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Publication numberUS6782391 B1
Publication typeGrant
Application numberUS 09/410,994
Publication dateAug 24, 2004
Filing dateOct 1, 1999
Priority dateOct 1, 1999
Fee statusPaid
Publication number09410994, 410994, US 6782391 B1, US 6782391B1, US-B1-6782391, US6782391 B1, US6782391B1
InventorsKaren M. Scher
Original AssigneeNcr Corporation
Export CitationBiBTeX, EndNote, RefMan
External Links: USPTO, USPTO Assignment, Espacenet
Intelligent knowledge base content categorizer (IKBCC)
US 6782391 B1
Abstract
Disclosed is a method for improving the quality of Metadata and information resident on an Internet self-service resource such as a knowledge base (KB). The present invention assists in reducing and/or negating the time customer service agents spent to publish their responses to customer inquiries in a KB. An Intelligent Knowledge Base Content Categorizer (IKBCC) accomplishes both these goals by automatically, intelligently, and consistently evaluating the contents of customer service agent (CSA) responses to customer requests. It proactively determines the value of adding a response to the existing database, and methodically produces Metadata to describe each new KB entry. The IKBCC uses an algorithm that factors in variables (such as KB data, CSA information, administrative parameters, etc.), to evaluate whether a KB entry already exists or should be added. It then determines the nature of the Metadata to describe the added entries. This invention works as an integral part of an overall Internet self-service offering. And its method of indexing agent responses provides end users with a KB that allows them timelier, more relevant query feedback, by categorizing and organizing the data within an available Internet self-service resource.
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Claims(23)
What is claimed is:
1. A computer-implemented method of automatically adding data to a database using human agent responses to questions, comprising:
receiving a question and routing the question to a human agent;
using a response from said human agent to said question, determining whether to add the response to the database;
if said determining step is positive then creating metadata for categorizing and describing said response, and updating the database with the response and said metadata; and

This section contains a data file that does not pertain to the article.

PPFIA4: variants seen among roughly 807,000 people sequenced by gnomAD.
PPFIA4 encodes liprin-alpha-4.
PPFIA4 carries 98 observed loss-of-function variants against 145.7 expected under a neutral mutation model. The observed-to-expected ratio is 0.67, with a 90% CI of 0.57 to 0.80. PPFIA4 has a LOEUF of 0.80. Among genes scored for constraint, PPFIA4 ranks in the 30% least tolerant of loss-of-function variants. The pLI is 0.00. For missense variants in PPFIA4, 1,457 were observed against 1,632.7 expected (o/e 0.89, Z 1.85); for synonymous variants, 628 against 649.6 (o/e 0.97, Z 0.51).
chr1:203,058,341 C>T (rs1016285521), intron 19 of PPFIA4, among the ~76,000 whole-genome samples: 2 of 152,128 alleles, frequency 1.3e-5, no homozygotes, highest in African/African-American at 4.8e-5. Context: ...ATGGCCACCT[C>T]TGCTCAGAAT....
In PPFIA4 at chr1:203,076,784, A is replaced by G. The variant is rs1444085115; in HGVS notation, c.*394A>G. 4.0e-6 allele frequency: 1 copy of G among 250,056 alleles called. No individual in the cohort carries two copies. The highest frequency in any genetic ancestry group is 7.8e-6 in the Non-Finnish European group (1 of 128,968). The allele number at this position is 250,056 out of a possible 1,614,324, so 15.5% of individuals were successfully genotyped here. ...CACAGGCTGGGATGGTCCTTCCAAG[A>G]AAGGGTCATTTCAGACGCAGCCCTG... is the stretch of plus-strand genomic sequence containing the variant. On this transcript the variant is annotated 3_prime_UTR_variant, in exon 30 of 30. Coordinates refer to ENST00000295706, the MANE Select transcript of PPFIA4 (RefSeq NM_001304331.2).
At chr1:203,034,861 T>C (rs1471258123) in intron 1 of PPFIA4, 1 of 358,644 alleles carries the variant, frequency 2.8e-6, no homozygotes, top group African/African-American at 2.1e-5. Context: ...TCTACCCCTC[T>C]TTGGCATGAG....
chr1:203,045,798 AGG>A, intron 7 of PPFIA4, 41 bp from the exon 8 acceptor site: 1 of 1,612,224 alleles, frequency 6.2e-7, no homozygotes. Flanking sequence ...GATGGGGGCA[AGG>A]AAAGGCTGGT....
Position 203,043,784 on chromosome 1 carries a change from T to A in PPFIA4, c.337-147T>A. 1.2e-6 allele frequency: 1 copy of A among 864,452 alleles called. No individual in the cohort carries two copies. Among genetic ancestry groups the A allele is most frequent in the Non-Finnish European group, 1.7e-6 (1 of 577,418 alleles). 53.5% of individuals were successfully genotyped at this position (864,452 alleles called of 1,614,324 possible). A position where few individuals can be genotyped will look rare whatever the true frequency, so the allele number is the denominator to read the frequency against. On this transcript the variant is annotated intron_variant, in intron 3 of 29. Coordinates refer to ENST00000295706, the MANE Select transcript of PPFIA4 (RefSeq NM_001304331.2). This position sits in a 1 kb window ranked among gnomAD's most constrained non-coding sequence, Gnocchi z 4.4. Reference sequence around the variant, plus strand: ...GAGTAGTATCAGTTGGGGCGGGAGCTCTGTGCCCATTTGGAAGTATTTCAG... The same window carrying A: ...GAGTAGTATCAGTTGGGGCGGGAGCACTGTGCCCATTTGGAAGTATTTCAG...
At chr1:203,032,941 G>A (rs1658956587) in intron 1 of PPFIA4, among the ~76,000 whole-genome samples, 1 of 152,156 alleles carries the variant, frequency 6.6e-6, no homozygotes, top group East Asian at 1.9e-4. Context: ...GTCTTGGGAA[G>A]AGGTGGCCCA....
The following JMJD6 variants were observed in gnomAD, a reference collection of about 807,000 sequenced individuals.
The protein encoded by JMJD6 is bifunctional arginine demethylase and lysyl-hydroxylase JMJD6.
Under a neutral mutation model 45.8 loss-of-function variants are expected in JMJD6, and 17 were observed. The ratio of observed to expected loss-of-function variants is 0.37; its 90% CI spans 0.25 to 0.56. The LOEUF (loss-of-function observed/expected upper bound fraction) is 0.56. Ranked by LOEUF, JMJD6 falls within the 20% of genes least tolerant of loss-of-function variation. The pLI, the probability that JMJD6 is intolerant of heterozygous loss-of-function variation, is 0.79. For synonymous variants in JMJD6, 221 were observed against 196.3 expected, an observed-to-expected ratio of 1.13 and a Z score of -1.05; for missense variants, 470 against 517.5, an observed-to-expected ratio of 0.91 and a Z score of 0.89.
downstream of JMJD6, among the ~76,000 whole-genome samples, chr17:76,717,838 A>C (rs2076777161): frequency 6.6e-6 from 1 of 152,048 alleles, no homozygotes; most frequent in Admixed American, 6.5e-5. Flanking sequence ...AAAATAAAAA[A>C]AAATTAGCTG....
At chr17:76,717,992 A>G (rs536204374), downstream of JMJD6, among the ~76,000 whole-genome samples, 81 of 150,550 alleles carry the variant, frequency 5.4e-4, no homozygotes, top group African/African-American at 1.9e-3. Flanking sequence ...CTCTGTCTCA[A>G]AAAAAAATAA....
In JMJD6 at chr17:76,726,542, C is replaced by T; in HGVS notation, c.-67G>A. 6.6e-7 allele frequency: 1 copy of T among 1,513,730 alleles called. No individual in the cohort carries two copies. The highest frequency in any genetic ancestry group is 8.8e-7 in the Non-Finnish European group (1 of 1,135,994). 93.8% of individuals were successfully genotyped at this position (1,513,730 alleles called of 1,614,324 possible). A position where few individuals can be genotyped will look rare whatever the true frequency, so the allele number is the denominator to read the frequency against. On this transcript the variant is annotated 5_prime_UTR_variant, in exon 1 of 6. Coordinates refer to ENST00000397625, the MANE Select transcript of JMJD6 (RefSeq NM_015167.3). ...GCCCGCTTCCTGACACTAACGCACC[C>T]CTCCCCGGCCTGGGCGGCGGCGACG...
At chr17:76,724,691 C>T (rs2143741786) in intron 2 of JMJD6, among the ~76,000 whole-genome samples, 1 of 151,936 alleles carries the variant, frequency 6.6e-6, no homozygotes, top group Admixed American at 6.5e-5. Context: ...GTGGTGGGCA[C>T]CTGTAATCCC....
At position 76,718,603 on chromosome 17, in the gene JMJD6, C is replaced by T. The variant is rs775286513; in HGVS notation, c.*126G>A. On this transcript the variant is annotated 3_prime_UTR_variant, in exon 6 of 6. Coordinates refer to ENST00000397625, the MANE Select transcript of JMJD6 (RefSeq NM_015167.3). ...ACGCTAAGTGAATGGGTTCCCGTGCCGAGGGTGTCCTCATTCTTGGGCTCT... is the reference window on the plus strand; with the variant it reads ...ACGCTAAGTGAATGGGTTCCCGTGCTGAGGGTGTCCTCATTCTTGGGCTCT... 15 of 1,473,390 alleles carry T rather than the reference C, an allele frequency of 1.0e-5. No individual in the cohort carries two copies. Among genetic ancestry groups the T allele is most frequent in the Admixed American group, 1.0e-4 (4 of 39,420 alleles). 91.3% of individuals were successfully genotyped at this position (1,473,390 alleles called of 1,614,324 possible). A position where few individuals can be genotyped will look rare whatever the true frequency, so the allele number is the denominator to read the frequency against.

if said determining step is negative then rejecting the response.
2. The method of claim 1, comprising parsing the response using at least one of keywords, key phrases, response categorizations, and natural language interpretation.
3. The method of claim 1, comprising comparing the response against previous agent responses to determine if the agent's response is unique.
4. The method of claim 3, comprising parsing the response using at least one of keywords, key phrases, response categorizations, and natural language interpretation.
5. The method of claim 4, comprising comparing the results of the parsing of the agent's response against previous results of the parsing the agent's response.
6. The method of claim 5, comprising determining the percentage of exact corresponding and partially corresponding metadata and/or database entries.
7. The method of claim 1, comprising evaluating a credibility factor of the human agent providing the response.
8. The method of claim 7, wherein the credibility factor includes at least one of determining the agent's area of expertise and determining the agent's status.
9. The method of claim 1, comprising determining the frequency with which the agent's previous responses have been stored in a knowledge base.
10. The method of claim 9, comprising assigning a period of time during which the frequency is determined.
11. The method of claim 1, comprising determining the frequency of recurring questions to the agent providing the response.
12. The method of claim 1, comprising determining the percentage of times percentage of times questions required escalation or reassignment from the current agent.
13. The method of claim 1, further comprising updating an entry associated with the human agent in an agent information database.
14. The method of claim 13, further comprising using the updated entry to determine credibility of the agent's subsequent response to a subsequent question.
15. The method of claim 14, further comprising determining, based on the credibility of the agent's subsequent response, whether to add the agent's subsequent response to said database.
16. The method of claim 13, wherein said updating of the agent information database is performed regardless of whether said determining step is positive or negative.
17. The method of claim 13, wherein a credibility score of the agent stored in the agent information database is increased if said determining step is positive, and decreased if said determining step is negative.
18. The method of claim 1, further comprising using the database as a knowledge base for customer self-service purposes.
19. The method of claim 1, wherein said determining step is positive if the response does not have a corresponding entry in said database, and a credibility score of the agent satisfies a predetermined criterion.
20. The method of claim 1, wherein the response is quality checked and if passed is returned to a customer originating the question regardless of whether said determining step is positive or negative.
21. A computer system, comprising:
a processor; and
a memory coupled to said processor, the memory having stored therein sequences of instructions, which, when executed by said processor, causes said processor, after receiving a response to a question from a human agent, to perform the steps of:
using the human agent's response, determining whether to add the response to the database;